The three new calves are having a wonderful time getting to know their world and bonding with their mothers in the hay field turned nursery field.
The babies are beginning to display personality traits. Christmas Carol (the smallest and oldest) loves to lag behind so she can run full tilt to catch up and run circles around the other babies and all the mothers. She has learned to twitch her tail and kick up her heels while getting warmed up for a run. (In this picture she is on the far right). Continue reading
The cattle from the show barn have the right idea. There was a break in the weather and although the sun was not shining, at lease it wasn’t winding or raining.
The critters spent the afternoon flopped out in the grass simply enjoying the lull between storms.
The morning sun warmed the ledge of exposed dirt and roots along the river. Some of the cows wasted no time to dig right in and make a mess. I had been on the far side of the river when I noticed the trail of cattle moving toward the open field had extra smears of mud on faces, necks and torsos.
Blowing up the size of the picture in order to see the detail, the image is not as clear as I would like, but I’m sure you can see just what the critters have been up to. These two mess-makers were the final ones to head to munch on grass.
During the summer time, cattle are known to rub dirt and mud into their coats as an extra coating to keep the flies and other bugs from bothering them. During this time of year, it is probably just for fun.
I spotted the first brown field mushroom of the season. This variety is closely related to the white button mushroom you find in your local grocery store but these are larger. These mushrooms have a seemingly short growth window and it is rare to get more than one picking during the fall.
I would have happily grabbed this mushroom and changed dinner plans to mushroom omelets except for a few important facts.
1. This mushroom is a little past its prime, the gills are overripe and this tends to make the mushroom ‘mushy’ when cooked rather than keeping the mushroom texture. Two or three days ago would have been prime time to harvest.
2. (rather important to me) I did not find this mushroom, the herd of cows found it as they walked through the pasture. One of their hooves actually dislodged the mushroom from the ground. In essence, there is more than dirt on the mushroom and I just didn’t want to deal with that.
I’ll go around to my old field mushroom locations (areas that produced in the past) in the next few days to so see if I can get some that are younger without quite so much nature on them.
Since it was a rainy fall day, I moved inside the barn across the river after the morning feeding. My plan was to split dry firewood into kindling and ultimately to wrap into sell-able bundles. I was using the Super Split and loading the kindling into the Gator when I realized that I had spectators at the gate.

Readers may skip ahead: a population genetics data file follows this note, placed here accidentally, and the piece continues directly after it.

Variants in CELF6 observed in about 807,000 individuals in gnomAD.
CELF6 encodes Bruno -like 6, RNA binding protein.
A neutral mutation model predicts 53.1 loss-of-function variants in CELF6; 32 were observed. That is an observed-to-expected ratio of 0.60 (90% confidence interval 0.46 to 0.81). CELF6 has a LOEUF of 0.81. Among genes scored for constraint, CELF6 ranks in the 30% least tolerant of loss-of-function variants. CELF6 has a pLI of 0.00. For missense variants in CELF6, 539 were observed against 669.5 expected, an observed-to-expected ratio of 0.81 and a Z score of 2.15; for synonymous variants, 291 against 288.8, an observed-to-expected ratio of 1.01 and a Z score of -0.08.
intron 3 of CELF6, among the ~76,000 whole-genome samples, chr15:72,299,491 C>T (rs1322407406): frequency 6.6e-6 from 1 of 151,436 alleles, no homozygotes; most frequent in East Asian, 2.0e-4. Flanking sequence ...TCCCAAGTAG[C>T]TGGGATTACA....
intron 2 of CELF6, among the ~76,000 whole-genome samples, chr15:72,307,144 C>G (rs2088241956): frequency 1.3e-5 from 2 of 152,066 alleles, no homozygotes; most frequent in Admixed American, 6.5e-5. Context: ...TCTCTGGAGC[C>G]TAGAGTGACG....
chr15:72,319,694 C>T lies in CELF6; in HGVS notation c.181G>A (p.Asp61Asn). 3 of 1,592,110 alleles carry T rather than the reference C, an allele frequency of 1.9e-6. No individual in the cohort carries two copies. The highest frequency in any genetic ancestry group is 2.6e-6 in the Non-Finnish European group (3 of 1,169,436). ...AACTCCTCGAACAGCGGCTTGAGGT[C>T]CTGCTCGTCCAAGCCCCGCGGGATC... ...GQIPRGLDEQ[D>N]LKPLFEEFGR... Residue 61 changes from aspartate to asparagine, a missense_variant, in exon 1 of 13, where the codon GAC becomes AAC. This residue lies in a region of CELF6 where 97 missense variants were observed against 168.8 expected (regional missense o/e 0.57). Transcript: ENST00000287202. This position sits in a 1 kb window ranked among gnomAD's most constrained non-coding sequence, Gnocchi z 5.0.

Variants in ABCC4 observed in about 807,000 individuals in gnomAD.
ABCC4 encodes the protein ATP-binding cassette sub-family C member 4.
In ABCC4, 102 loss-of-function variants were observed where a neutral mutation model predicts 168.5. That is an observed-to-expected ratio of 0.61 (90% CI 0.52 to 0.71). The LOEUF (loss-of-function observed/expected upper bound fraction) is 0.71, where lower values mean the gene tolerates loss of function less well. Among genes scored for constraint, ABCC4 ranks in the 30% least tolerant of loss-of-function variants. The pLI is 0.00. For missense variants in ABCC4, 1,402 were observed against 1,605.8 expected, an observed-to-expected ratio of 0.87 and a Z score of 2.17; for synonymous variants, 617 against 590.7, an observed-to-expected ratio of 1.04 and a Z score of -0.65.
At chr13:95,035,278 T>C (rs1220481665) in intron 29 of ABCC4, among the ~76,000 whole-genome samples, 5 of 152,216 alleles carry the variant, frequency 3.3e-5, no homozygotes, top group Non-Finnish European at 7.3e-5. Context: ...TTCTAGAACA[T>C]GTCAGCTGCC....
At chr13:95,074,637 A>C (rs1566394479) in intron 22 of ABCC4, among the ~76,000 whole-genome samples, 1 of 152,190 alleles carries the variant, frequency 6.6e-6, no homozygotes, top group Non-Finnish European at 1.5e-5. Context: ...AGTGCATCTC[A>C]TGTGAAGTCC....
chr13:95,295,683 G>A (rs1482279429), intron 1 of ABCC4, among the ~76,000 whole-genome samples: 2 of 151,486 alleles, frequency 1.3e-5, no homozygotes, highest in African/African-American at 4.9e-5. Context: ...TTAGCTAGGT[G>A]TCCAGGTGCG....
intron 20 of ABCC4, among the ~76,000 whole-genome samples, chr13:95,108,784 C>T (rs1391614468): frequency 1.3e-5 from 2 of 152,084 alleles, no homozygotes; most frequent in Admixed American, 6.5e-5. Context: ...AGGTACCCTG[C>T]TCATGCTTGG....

The calves had just finished their morning meal and came by to gawk at the noise in the barn.
Sometimes I feel that I am being judged. Perhaps they were simply waiting for the next load of hay, but they seemed interested in all the activity. I am glad that I remembered to close the gates behind me before I started work or I would have had more than just fans in the gallery.
The large herd of elk were scattered across the open 60 acre field just beyond the fence line from our show cows. Cows and elk have been known to graze in the same field but they usually don’t get into close proximity with each other.
Closest to the fence were two branch bulls (male animals with horns that have points that branch off of main spike). The branch bulls are the dominate masters of the herd and eventually a battle will determine which of the two masters will retain control.
Being only about 40 yards from the house and less than 10 yards from the cows, this herd was not rushed or spooked by very distant gunfire. They seem to understand that the area is currently in deer season and that they are safe from any kind of harassment.
The fall weather, with quick changes from bright and sunny to breezy and showers, highlights the colors on the farm. But on this day as we were beginning the evening chores, it was a surprise to see the red nose and lips of one of the cows nearly light up as the sun peeked out from behind the clouds.
It was a long shot to be able to show the antics of this particular cow because we were inside the barn loading hay onto the Gator when she was spotted ‘looking good.’
This cow was separate from the herd, she had gone out of the pasture and out behind the barn to snarf up some of the red colored loose minerals we had set out for free choice.
Her nose must have been damp before she stuck her head into the mineral tub. The result looked like perfectly applied lipstick.
Looking good Topanga, looking real good.